Mistakes Become ‘Earmarks’ To Nowhere

Inquiring minds are having an epiphany…what happens when there is a mistake in writing an earmark?

Almost 13 years ago, Rep. David McIntosh, R-Ind., directed $375,000 in federal funding “to improve State Road 31” in Columbus, Ind., a city at the edge of his district.

The McIntosh “earmark” seemed routine at the time, like almost 2,000 other congressional pet projects that lawmakers inserted into the 1998 highway bill. But there was a problem: “There is no State Road 31 that travels through Columbus, only U.S. 31,” says Will Wingfield, a spokesman for the Indiana Department of Transportation.

The error hurt all of Indiana and has wrapped the earmark in red tape to this day. The money not only remains unspent, but because Congress counts money earmarked for highway projects against a state’s share of federal gas tax revenue, the amount of the earmark reduced what Indiana would have received in federal funding — almost dollar for dollar.

McIntosh’s botched attempt at earmarking is one of more than 7,374 congressionally directed highway projects in which at least some money that lawmakers set aside remains unspent, a USA TODAY analysis of state and federal records shows. In at least 3,649 of those earmarks, not a single dollar has gone toward its intended purpose, sometimes because of simple, sloppy mistakes, USA TODAY found.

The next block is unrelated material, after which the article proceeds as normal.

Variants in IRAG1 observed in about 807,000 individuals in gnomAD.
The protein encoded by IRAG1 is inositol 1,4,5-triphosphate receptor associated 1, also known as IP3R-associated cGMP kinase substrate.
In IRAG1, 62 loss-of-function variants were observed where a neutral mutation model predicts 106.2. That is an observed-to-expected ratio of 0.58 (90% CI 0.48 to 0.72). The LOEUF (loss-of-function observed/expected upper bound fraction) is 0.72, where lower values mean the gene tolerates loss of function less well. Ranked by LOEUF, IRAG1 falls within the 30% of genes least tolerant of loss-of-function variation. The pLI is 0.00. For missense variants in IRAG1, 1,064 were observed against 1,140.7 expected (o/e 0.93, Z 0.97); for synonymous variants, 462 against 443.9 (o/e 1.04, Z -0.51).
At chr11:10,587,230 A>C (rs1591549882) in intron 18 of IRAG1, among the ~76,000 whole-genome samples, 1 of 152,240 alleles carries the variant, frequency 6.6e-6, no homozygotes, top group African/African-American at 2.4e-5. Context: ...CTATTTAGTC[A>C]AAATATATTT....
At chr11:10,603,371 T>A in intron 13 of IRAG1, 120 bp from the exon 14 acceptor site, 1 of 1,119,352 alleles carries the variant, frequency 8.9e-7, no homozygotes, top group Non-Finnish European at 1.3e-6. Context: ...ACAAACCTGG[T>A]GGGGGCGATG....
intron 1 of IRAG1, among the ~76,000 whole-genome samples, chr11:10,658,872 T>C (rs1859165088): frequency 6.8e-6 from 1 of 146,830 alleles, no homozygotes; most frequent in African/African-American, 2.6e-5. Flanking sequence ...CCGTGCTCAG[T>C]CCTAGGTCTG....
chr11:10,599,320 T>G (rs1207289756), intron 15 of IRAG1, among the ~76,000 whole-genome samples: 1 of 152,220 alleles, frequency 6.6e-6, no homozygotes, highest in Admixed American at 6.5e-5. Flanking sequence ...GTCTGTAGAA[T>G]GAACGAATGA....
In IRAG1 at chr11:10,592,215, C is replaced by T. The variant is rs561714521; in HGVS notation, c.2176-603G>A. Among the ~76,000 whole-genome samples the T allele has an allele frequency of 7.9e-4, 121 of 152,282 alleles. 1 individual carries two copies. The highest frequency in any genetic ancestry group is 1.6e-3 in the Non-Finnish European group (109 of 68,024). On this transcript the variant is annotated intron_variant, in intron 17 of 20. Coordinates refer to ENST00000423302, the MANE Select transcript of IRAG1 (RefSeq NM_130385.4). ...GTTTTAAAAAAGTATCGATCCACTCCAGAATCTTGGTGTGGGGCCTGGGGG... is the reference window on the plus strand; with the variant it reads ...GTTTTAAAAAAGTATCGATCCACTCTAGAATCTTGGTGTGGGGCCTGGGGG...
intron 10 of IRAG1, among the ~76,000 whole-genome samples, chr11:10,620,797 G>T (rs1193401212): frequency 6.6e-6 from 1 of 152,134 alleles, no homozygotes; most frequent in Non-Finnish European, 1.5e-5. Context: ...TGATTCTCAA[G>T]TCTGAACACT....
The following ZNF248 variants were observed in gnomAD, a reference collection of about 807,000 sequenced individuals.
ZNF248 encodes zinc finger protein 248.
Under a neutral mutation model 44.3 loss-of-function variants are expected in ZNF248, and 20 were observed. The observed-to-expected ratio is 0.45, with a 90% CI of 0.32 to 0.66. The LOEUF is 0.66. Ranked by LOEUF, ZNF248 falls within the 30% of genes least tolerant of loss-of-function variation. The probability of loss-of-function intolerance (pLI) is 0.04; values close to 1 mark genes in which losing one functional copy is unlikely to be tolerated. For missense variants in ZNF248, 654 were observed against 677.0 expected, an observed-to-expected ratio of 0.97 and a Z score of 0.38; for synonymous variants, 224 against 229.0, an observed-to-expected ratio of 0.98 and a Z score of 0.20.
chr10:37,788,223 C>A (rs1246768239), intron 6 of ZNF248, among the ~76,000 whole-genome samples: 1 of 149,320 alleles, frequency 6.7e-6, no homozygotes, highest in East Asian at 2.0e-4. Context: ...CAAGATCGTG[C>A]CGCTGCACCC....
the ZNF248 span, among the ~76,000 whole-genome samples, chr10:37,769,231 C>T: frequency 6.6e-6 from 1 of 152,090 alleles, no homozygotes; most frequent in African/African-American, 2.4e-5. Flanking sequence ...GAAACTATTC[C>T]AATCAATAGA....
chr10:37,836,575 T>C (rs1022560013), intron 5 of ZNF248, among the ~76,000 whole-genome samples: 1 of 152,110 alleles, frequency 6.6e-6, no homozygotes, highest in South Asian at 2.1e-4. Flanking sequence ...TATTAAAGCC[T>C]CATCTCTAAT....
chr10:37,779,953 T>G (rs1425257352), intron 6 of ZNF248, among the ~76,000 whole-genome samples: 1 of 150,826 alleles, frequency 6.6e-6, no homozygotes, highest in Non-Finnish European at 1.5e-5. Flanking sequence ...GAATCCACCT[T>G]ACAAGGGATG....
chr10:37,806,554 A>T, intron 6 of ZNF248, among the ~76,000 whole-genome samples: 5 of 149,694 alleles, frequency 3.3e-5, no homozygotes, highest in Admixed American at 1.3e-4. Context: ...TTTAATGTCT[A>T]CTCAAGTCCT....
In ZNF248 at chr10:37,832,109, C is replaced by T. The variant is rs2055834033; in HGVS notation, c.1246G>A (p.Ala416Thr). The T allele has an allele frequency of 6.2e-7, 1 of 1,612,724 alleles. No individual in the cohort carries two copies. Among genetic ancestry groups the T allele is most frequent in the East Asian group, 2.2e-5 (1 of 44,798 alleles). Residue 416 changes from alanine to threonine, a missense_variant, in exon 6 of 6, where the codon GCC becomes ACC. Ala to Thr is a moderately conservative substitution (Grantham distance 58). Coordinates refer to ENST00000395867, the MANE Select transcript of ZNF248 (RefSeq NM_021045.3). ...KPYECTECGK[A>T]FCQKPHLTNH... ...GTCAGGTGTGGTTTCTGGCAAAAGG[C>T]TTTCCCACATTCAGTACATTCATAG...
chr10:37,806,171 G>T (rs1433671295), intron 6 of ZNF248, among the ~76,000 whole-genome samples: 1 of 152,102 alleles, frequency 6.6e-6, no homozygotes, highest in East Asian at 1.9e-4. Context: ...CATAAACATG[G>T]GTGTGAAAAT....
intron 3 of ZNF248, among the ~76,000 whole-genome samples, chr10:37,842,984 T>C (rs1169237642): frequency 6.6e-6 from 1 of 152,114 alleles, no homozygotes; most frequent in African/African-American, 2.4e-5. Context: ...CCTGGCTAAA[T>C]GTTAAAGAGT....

As it seems is always the case with anything regarding the federal government, this scenario is anything but an isolated case:

The problem is so pervasive that almost 1 in 3 highway dollars earmarked since 1991 — about $13 billion — remains unspent, federal data show. “We call them orphan earmarks,” says Michael Covington of the South Carolina Department of Transportation. “They don’t have a home.”

The federal government treats an unspent earmark like an undated check that could be cashed at any time. It affects the federal budget only if it’s cashed. Nevertheless, because lawmakers inserted some of the earmarks into particular sections of transportation bills, many of the orphan earmarks also count against a state’s share of federal highway funds and have taken billions of dollars away from state transportation departments across the nation.

During the past 20 years, orphan earmarks reduced the amount of money that states would have received in federal highway funding by about $7.5 billion, USA TODAY found. That’s $7.5 billion that states could have used to replace obsolete bridges, repair aging roads and bring jobs to rural areas.

If a mistake can be made, our federal government will find it.


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